There is quite a lot of customising you can do in Analysis to create really nice publication-quality images of your spectra which only need a little bit of tweaking in a graphics programme such as Adobe Illustrator or Inkscape (free from inkscape.org).
The way you have your contours set up to view your spectra may not be the best set-up for a publication or presentation slide image. Go to the Contours toolbar and select More.. . Alter in particular the Number of levels (actually the maximum number of levels) and the Level multiplier (how closely the levels are drawn). Lots of close levels will give a blob appearance, few close levels result in a ring appearance and few spaced out levels will make each contour individually visible.
By going to Peak -> Draw Parameters you can select which piece of information is placed in the peak label. I find Minimal Annotations is often very useful for images – it gives you just the 1-residue amino acid code and residue number. If you don’t want any peak labels then you can switch them off as part of the printing options below or simply de-select all peak lists in the Peaks toolbar of your spectrum window. The Draw Size tab lets you alter the size of the little cross used for each peak. If you would rather have a + than a x, then go to Peak -> Peak Lists and change the Peak Symbol. You can also change the peak symbol and annotation here if you wish.
Peak label placement can either be sorted out later in an external programme (see below) or you can do (at least some of it) in Analysis using the following keyboard shortcuts: w automatically places the peak labels of all selected peaks such that they don’t overlap (note that the way this is done depends on your current zoom level. W resets the peak labels to their original position. q moves the peak label of the currently select peak to the current mouse position. I usually start by using the w option, fine tuning this with q and then finalising it all in an external programme (see Further Customisation below).
Go to Window -> Print Window and use the drop-down menu at the top to choose the Window you would like to print from and then further customise your image using the four tabs available.
Enter a file name and (optionally) a title and axis labels. Unfortunately, super/sub-script and Symbol font are not available, so if you want to use these in your title or axis lables you will need to add these later in another programme (see Further Customisation below).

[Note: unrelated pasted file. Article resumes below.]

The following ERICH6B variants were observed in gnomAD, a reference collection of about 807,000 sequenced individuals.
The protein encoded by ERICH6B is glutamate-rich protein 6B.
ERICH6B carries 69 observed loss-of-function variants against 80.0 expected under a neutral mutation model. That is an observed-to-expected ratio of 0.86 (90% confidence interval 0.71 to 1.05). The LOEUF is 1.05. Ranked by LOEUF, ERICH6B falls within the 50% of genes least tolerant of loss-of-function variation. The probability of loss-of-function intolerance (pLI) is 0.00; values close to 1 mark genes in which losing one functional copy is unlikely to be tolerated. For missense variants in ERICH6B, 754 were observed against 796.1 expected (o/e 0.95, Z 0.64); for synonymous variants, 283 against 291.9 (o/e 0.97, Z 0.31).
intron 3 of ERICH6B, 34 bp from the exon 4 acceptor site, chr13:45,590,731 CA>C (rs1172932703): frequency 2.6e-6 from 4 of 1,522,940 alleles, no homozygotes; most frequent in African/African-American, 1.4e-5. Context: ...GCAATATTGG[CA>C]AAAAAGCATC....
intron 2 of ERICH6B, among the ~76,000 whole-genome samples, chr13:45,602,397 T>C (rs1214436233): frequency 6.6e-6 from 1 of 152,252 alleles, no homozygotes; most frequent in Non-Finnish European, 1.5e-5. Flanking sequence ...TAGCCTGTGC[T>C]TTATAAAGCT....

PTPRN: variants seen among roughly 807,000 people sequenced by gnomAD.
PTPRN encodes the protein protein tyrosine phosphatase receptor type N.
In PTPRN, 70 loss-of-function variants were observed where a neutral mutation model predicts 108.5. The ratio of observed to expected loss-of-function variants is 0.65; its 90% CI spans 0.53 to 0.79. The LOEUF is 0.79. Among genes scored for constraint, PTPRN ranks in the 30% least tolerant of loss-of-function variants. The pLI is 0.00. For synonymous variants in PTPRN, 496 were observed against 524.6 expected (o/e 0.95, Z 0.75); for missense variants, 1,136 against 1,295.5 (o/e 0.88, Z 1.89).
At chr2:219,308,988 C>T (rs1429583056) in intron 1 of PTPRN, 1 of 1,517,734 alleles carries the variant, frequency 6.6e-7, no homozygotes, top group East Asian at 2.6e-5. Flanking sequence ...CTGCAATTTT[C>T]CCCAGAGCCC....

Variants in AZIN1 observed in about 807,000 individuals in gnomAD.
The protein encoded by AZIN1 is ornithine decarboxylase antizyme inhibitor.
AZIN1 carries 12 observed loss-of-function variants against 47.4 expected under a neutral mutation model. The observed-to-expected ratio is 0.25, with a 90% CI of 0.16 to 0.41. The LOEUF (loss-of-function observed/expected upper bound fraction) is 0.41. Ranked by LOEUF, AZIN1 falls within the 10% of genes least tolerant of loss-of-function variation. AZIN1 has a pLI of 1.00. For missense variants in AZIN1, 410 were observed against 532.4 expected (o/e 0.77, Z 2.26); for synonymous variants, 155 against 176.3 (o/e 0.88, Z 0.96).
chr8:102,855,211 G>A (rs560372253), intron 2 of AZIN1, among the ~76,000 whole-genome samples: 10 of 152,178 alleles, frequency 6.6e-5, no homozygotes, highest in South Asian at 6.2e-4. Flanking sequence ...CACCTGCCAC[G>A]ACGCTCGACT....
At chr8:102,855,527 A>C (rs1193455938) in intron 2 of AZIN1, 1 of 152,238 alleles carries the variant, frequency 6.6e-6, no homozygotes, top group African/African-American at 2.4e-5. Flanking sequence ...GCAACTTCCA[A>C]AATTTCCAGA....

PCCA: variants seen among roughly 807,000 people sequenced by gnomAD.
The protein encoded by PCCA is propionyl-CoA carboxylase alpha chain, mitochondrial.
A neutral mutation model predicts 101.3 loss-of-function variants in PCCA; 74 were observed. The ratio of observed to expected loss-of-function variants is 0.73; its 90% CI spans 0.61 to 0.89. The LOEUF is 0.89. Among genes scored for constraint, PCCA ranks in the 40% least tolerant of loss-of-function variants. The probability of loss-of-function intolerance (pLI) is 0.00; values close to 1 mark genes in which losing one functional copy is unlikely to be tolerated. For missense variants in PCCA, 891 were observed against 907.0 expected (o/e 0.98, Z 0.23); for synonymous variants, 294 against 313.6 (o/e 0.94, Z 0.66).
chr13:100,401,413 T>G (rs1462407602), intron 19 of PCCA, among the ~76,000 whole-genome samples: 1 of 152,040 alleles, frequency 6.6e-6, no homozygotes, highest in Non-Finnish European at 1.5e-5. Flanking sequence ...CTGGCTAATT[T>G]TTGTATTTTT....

Select your paper size, orientation, style and format as desired. I usually go for the defaults of A4, Landscape, Colour and PDF.
Ticks: Select Location as Outside and placement as Bottom and Right only. Change the Tick Font and Spacing if desired – manual tick spacing can be quite useful. I personally don’t like the default tick length and normally set this manually to 8 and 4 for the major and minor ticks, respectively.
Scaling: The default 70% scaling will generally fit your spectrum nicely onto a piece of A4. But you can easily change the scaling yourself be selecting Cms/unit. For each axis you can now select how many cms per ppm you want.
Include or exclude the Time and Date and File Name as desired.
I recommend setting the line-width to 0.5, otherwise your lines will be very thin and difficult to see (especially if you want to use the image in a presentation).
By default, Analysis will include all spectra which are currently visible in the window you are printing. But you can override this (just make sure you select Use below settings when printing) and select/deselect positive and negative contours for each spectrum in that window.
By default, Analysis will print all peak lists which are currently visible in the window you are printing. Override this and alter the font type and size if you like (again make sure you select Use below settings when printing).
By default, Analysis will print the region currently visible in the window you are printing. You can override this if you like. Normally this can be done very easily with the Min and Max option. But if you are printing an individual strip, then Centre and Width is rather useful here.
Finally click on Save Print file. Inspect your image and make changes if desired.
You can further customise your image using programmes such as Adobe Illustrator or Inkscape (free from inkscape.org). Using either of these programmes you can simply open a pdf file generated by CCPNmr Analysis. Rotate it if necessary. Select the image and then Ungroup (multiple times) in order to manipulate individual elements of the figure. I usually use this step in order to finalise peak label positions (including the little arrows) and do the axis labels using superscript and Symbol fonts. Sometimes it is also necessary to remove the coloured frame which Analysis places around the visible part of each spectrum (it depends on your zoom level as to whether this has been printed or not).